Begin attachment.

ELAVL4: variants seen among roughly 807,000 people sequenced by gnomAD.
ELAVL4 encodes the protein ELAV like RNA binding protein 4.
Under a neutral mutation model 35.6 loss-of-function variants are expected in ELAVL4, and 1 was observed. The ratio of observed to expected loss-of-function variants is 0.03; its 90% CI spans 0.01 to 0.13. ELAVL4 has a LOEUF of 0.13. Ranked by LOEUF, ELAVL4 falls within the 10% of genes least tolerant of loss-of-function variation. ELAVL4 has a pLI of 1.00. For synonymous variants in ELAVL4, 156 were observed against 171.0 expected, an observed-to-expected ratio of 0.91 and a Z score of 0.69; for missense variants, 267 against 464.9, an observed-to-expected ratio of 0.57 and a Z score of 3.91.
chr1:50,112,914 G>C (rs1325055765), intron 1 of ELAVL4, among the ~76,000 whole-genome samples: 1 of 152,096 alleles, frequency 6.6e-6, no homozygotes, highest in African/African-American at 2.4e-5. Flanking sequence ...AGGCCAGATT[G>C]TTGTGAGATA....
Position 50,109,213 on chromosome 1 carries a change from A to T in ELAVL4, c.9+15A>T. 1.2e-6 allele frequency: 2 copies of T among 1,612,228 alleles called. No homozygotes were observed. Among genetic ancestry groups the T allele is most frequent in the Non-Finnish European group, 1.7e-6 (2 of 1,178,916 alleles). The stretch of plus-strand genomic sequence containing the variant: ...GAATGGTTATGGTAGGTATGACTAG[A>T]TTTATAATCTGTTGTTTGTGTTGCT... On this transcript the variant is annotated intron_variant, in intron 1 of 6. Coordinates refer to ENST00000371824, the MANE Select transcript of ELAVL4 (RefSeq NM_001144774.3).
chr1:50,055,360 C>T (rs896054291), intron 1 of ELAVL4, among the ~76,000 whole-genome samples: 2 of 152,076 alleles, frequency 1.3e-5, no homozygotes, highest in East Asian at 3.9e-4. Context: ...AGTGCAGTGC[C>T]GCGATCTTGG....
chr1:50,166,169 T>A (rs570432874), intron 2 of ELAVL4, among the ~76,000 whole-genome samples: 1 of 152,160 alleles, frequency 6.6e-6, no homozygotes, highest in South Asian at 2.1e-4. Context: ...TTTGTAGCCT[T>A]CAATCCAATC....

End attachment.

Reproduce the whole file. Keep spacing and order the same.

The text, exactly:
ELAVL4: variants seen among roughly 807,000 people sequenced by gnomAD.
ELAVL4 encodes the protein ELAV like RNA binding protein 4.
Under a neutral mutation model 35.6 loss-of-function variants are expected in ELAVL4, and 1 was observed. The ratio of observed to expected loss-of-function variants is 0.03; its 90% CI spans 0.01 to 0.13. ELAVL4 has a LOEUF of 0.13. Ranked by LOEUF, ELAVL4 falls within the 10% of genes least tolerant of loss-of-function variation. ELAVL4 has a pLI of 1.00. For synonymous variants in ELAVL4, 156 were observed against 171.0 expected, an observed-to-expected ratio of 0.91 and a Z score of 0.69; for missense variants, 267 against 464.9, an observed-to-expected ratio of 0.57 and a Z score of 3.91.
chr1:50,112,914 G>C (rs1325055765), intron 1 of ELAVL4, among the ~76,000 whole-genome samples: 1 of 152,096 alleles, frequency 6.6e-6, no homozygotes, highest in African/African-American at 2.4e-5. Flanking sequence ...AGGCCAGATT[G>C]TTGTGAGATA....
Position 50,109,213 on chromosome 1 carries a change from A to T in ELAVL4, c.9+15A>T. 1.2e-6 allele frequency: 2 copies of T among 1,612,228 alleles called. No homozygotes were observed. Among genetic ancestry groups the T allele is most frequent in the Non-Finnish European group, 1.7e-6 (2 of 1,178,916 alleles). The stretch of plus-strand genomic sequence containing the variant: ...GAATGGTTATGGTAGGTATGACTAG[A>T]TTTATAATCTGTTGTTTGTGTTGCT... On this transcript the variant is annotated intron_variant, in intron 1 of 6. Coordinates refer to ENST00000371824, the MANE Select transcript of ELAVL4 (RefSeq NM_001144774.3).
chr1:50,055,360 C>T (rs896054291), intron 1 of ELAVL4, among the ~76,000 whole-genome samples: 2 of 152,076 alleles, frequency 1.3e-5, no homozygotes, highest in East Asian at 3.9e-4. Context: ...AGTGCAGTGC[C>T]GCGATCTTGG....
chr1:50,166,169 T>A (rs570432874), intron 2 of ELAVL4, among the ~76,000 whole-genome samples: 1 of 152,160 alleles, frequency 6.6e-6, no homozygotes, highest in South Asian at 2.1e-4. Context: ...TTTGTAGCCT[T>A]CAATCCAATC....